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We went to the capital of Saxony with friends to witness the farewell of the Tatra trams, but I also tried to see as much of the "normal" tram activities as possible. It wasn't easy, because the city has a quite large network, and one day is just not enough.

Postplatz can be considered as the central hub for trams. Until a few years ago it looked quite different, but then the junction was rebuilt into a V-shaped junction. On these two photos we can see two types of low-floor trams: a 45-meter-long Bombardier Flexity Classic XXL - locally called the NGTD12DD - to the left, and a "SachsenTram" (Siemens + DUEWAG + DWA + ABB) NGT6DD. The latter is more-or-less the same vehicle as the "Hermelijn" trams used in Gent, Antwerp and on the Kustlijn.

The most unusual vehicle on rails is the CarGoTram, which is a scheduled freight tram service shuttling between the Volkswagen logistics center at Fiedrichstadt and the "Glass Manufacture" car factory in Dresden's inner city. The idea of this operation came because the central location of the car factory prohibited large  storage facilities, plus they also wanted to avoid large convoys of trucks going through the streets of the inner city. Although such a service seems rather special, it's totally everyday here, it's even displayed on the visual information boards in the stops ("VW-Bahn in 5 Minutes").

And here's the other "wing" of the Postplatz hub.

NGTD12DD in the inner city, NGTD12DD in the suburbs. Although these trams are not entirely low-floor, they're quite comfortable.

A shorter brother of the NGTD12DD is the three-part NGTD8DD, which is only 30 meter long.

Most termini seemed to have reversing loops, but at Friedrichstadt the tram reversed in a triangle.

The tracks are nicely maintained, and cruising speed is fairly high, no matter if on private right-of-way or in the middle of the street.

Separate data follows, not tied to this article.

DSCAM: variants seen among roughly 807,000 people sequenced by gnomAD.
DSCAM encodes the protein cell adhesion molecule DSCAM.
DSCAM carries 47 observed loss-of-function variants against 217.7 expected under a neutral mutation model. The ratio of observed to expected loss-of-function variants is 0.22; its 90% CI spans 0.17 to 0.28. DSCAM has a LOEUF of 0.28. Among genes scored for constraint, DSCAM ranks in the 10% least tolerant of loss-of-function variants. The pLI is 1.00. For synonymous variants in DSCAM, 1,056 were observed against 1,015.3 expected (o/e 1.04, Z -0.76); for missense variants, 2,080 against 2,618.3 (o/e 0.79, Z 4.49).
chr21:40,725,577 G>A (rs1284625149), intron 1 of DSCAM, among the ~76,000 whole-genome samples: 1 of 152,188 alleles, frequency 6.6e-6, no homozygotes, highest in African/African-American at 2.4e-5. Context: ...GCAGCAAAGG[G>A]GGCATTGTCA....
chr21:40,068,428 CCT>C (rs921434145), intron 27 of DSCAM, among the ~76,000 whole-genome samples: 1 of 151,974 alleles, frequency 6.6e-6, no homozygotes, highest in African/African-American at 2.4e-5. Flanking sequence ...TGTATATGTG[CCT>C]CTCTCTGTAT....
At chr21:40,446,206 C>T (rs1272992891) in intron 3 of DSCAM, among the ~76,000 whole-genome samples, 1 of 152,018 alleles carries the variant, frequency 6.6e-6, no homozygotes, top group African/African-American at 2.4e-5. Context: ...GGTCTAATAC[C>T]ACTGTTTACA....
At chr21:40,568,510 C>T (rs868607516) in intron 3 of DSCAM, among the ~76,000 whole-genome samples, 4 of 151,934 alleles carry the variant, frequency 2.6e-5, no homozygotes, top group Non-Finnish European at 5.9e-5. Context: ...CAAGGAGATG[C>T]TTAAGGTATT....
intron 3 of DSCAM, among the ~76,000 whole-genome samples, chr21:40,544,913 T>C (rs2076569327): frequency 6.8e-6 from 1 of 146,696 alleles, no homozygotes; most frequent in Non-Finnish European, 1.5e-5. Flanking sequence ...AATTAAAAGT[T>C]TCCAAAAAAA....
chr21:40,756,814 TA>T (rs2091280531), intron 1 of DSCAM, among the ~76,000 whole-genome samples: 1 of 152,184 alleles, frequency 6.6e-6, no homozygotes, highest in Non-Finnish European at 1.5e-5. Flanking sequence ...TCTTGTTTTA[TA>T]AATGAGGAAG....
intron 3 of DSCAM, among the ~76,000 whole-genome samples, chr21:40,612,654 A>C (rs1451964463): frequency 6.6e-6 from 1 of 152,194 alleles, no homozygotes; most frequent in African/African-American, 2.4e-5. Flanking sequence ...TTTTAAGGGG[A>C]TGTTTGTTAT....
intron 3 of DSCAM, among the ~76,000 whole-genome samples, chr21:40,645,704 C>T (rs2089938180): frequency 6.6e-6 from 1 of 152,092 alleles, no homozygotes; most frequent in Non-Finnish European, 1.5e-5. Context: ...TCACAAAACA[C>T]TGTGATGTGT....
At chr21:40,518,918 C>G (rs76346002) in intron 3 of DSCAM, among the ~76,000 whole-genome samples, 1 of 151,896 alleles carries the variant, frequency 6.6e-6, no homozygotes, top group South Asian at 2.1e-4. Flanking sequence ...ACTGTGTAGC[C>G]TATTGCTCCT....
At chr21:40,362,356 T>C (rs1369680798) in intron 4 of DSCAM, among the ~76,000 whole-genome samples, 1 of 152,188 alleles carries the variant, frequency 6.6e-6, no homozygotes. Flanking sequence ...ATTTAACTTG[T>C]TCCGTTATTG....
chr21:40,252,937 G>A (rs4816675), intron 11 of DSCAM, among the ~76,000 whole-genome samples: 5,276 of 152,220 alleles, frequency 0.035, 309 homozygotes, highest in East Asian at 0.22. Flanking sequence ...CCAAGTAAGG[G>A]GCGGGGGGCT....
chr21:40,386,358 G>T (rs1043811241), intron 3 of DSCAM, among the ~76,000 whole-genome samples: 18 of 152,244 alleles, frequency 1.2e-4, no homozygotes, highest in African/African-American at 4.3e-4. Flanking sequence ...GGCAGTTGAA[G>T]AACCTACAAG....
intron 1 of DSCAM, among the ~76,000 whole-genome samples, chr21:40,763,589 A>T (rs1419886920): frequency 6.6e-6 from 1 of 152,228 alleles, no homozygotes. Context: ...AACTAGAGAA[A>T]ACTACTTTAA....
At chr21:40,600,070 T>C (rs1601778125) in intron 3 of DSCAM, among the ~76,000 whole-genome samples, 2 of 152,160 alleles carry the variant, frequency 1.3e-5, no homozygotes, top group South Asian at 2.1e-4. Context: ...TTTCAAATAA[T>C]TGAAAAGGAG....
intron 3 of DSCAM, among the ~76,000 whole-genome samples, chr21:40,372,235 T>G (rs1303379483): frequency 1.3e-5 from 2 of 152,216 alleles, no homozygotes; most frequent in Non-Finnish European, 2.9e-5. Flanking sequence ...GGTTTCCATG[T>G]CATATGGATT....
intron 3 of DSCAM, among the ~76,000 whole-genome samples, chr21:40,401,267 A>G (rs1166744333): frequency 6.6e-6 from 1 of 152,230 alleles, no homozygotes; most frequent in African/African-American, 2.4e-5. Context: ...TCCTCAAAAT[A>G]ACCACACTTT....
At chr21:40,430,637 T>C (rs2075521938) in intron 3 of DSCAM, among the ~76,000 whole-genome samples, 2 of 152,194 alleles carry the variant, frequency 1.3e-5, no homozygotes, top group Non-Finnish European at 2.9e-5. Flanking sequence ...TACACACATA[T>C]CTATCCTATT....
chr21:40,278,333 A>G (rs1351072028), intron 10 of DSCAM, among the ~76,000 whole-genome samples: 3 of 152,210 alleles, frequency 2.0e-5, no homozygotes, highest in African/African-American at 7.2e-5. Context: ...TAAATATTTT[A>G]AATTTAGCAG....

Route 7 features multiple single-track stretches north of the inner city. (I know there are also other routes with such sections, but I had limited time, so I skipped most suburban tram lines with a vicinal character.)

A bit of single-track running in the middle of the street, then we arrive to a passing loop.

Single-track running is not confined to suburbia: Görlitzer Strasse in the inner city also has one such stretch.

A short video of this section.

The extension between Gorbitz and Pennrich was opened in November 2008. This is how a modern tramway should look like!

Back to the inner city, to see some street-running trams.

Route 11 runs out of the city, up to some green hills, along castle parks... On the photos: Mordgrundbrücke.

Some properly fast street-bound running.

To the left: the interior of a NGTD12DD. To the right: trams on the Augustusbrücke, with the old city center in the background.

Albertplatz is another busy junction, with a "grand union" connecting every direction. The tall, graffiti-polluted building in the background is the former HQ of the public transit operator ("Verkehrsbetriebe").

Long and short  "roundheads".

This "Gotha" unit served as the Children's Tram, and was withdrawn two weeks after this photo was taken.

To the left: Liststrasse. To the right: even where the street surface is of poor quality, the tracks are good.

Buses and co.

To the left: a tram sporting measuring equipment for a study about the wear of the vehicle over some years. To the right: one of the double-decker sightseeing buses of DVB, the municipal public transit operator..

"Normal" buses are low-floor, too: a Mercedes to the left, a Solaris to the right.

To the left: compact tram stop sign with PA and digital display integrated. To the right: if the on-board passenger information system runs Windows, this kind of error message can be anticipated ;)

To the left: I saw several disused tram depots around the city. This one - in Waltherstrasse - was at least still held by DVB, and had track connections. To the right: signalling madness :)

Not public transit, but looks like public transit of old: a cart looking like an old horse-tram, and an omnibus.

And at the end of the page, two old coaches: a Fleischer S2 RU II to the left, and a Saurer to the right. I must admit, I was a little disappointed that I saw no Ikarus, but these were nice, too :)

© Ákos Endre VARGA, unless stated otherwise. All rights reserved.

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